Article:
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MailTribune.com
  • Heat wave kills up to 40 sheep in Marion County

  • PORTLAND — A heat wave reaching a peak early this week in Oregon appears to have claimed the lives of up to 40 sheep in Marion County.
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  • PORTLAND — A heat wave reaching a peak early this week in Oregon appears to have claimed the lives of up to 40 sheep in Marion County.
    Circling buzzards led neighbors to discover more than a dozen sheep with full-grown wool that had dropped dead of the heat in a field near Turner, authorities said.
    On Monday, the sheriff's department said deputies had found 30 to 40 of the animals dead and decomposing. More than 200 survived in the 80-acre field covered with standing green grass.
    Deputies who went to the field Sunday evening gave the remaining sheep water and food, sheriff's office spokesman Don Thomson told Salem Statesman Journal.
    A caretaker told deputies he was looking after the sheep for his grandfather, and had checked them recently but hadn't seen that any of them had died, Thomson said.
    The deaths remained under investigation, and the case would go to the district attorney's office to determine if there's evidence of neglect or if a crime was committed, Thomson said.
    The deaths came as the state expected high temperatures to continue through Wednesday, with some relief expected after that. Monday and today were expected to be the hottest days with highs in the interior of Western Oregon in the 90s and highs on the east side of the Cascades over 100.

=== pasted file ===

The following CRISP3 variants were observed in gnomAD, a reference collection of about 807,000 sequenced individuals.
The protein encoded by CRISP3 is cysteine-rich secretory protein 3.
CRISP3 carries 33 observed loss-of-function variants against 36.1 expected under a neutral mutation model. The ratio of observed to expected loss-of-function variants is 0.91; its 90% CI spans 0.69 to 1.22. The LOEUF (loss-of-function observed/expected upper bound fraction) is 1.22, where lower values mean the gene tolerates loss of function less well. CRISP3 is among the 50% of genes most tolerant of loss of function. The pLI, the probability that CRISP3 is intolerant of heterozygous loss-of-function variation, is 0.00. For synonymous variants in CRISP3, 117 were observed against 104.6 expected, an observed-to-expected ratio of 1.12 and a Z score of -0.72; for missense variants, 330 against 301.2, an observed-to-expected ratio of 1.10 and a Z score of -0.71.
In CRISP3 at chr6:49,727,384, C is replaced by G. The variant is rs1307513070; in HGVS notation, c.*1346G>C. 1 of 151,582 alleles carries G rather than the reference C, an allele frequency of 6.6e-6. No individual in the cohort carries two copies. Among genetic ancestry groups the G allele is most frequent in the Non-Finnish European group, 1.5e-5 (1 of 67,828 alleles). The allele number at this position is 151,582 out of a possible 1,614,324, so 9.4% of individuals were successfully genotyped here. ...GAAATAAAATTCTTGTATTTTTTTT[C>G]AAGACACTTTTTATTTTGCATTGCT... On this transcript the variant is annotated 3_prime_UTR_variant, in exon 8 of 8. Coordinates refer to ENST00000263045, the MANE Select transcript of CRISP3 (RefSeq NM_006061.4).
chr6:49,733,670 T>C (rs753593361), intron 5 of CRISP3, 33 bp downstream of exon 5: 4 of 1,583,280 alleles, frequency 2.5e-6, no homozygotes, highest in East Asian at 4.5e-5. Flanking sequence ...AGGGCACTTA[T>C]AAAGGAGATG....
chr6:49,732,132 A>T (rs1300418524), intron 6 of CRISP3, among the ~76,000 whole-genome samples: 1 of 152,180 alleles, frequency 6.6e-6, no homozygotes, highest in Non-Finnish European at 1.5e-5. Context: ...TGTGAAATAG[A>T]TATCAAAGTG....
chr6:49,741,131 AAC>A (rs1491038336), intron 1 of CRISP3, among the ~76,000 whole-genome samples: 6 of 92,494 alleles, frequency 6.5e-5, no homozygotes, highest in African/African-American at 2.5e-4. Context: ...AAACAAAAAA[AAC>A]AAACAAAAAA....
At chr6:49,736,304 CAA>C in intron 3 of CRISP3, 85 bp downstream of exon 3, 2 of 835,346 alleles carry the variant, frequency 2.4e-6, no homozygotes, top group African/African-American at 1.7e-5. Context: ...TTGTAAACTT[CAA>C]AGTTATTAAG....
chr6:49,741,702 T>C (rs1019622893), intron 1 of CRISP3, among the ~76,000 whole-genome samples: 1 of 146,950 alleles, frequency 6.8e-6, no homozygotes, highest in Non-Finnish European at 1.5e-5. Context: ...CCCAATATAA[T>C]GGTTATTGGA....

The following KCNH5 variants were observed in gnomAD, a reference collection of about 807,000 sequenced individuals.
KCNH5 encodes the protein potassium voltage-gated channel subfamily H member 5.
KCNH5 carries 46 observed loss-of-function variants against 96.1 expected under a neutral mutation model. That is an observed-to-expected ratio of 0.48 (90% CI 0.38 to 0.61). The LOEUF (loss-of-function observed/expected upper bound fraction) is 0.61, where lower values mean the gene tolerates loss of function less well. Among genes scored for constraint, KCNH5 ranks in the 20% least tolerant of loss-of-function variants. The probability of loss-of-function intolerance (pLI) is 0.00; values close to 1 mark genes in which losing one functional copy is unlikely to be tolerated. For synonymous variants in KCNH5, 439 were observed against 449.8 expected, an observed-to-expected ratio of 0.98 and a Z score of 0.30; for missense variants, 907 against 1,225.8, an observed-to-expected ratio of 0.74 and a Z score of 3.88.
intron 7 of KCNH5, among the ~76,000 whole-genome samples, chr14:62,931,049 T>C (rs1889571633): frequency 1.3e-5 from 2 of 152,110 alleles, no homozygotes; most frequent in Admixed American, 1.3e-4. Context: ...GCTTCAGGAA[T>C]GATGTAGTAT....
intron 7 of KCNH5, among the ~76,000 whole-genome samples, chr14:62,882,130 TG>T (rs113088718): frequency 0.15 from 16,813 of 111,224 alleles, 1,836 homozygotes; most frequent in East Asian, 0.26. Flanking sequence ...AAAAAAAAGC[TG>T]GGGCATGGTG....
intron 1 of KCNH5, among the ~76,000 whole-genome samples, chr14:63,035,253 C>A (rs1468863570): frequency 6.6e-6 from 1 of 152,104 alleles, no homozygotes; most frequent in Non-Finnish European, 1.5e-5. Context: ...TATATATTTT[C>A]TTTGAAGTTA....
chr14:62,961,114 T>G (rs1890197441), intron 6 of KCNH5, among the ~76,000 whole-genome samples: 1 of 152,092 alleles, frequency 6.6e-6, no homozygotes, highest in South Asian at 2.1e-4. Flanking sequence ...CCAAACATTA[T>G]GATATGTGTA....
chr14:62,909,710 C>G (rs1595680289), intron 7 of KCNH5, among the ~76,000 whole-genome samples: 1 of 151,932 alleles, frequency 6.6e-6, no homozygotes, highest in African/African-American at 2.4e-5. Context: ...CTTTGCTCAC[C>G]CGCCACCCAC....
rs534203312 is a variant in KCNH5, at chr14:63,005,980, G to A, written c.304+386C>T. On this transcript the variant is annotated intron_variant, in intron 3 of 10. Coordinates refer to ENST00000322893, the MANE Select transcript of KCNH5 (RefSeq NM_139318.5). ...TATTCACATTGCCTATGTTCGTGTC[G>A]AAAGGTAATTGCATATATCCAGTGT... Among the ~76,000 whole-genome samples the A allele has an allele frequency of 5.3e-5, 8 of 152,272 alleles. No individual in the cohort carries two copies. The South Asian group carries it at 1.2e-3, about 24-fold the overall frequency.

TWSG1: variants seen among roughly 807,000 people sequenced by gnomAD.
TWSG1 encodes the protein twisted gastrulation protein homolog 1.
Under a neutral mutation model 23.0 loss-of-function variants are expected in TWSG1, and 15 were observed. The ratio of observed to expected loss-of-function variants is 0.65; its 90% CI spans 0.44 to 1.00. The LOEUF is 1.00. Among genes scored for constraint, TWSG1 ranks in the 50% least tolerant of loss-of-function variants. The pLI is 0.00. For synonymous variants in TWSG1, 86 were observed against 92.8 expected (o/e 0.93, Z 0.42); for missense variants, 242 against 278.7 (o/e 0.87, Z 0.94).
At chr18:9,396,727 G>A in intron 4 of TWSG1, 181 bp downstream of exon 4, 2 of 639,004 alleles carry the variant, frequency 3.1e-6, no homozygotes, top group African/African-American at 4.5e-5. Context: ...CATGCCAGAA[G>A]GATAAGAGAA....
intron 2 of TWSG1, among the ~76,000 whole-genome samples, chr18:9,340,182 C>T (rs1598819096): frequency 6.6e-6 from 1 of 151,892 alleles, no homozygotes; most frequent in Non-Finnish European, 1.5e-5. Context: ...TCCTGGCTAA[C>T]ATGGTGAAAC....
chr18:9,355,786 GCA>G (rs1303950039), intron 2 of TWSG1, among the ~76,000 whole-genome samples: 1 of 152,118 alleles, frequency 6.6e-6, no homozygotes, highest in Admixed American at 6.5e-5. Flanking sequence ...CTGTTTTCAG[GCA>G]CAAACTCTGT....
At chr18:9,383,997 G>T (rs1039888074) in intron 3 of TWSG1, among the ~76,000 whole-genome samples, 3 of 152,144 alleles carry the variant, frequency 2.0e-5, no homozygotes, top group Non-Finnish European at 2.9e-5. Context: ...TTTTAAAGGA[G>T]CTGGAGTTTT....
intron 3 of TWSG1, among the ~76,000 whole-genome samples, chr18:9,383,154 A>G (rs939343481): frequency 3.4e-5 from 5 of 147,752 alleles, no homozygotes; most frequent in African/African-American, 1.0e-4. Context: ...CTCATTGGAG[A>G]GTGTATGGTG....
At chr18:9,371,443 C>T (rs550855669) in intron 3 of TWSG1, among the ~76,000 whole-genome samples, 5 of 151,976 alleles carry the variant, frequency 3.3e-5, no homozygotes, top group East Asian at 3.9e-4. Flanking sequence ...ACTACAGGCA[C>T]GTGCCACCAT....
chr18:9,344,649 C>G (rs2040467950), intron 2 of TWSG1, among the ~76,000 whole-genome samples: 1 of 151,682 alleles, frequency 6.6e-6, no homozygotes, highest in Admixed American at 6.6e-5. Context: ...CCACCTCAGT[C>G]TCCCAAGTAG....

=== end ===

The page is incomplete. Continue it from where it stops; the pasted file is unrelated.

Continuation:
Meteorologist Shawn Weagle in Portland said the heat wave is unusual for its humidity.
    "A lot of times when we get into the 90s, there's still a dry offshore flow that helps us cool off," he told the Eugene Register-Guard. "But when it's humid like on the East Coast, it's a little more oppressive. Our natural cooling systems here don't work as well."
    Moisture from the rain that fell before the start of the current heat wave may be a contributing factor.
    "The ground started off a bit wet, and then the heat wave came right after," Weagle said. "The winds have been rather calm since the whole thing started, so there's been nothing to scour out the humidity."
    State officials advised workers to take precautions and said that 35 Oregonians had gotten workers compensation benefits for heat-related illness from 2008 to 2012.
    "Workers in Oregon aren't acclimated to working in this type of heat," said Penny Wolf-McCormick of Oregon OSHA.
    "It's important to drink water, seek shade during the day, and recognize the signs of trouble."
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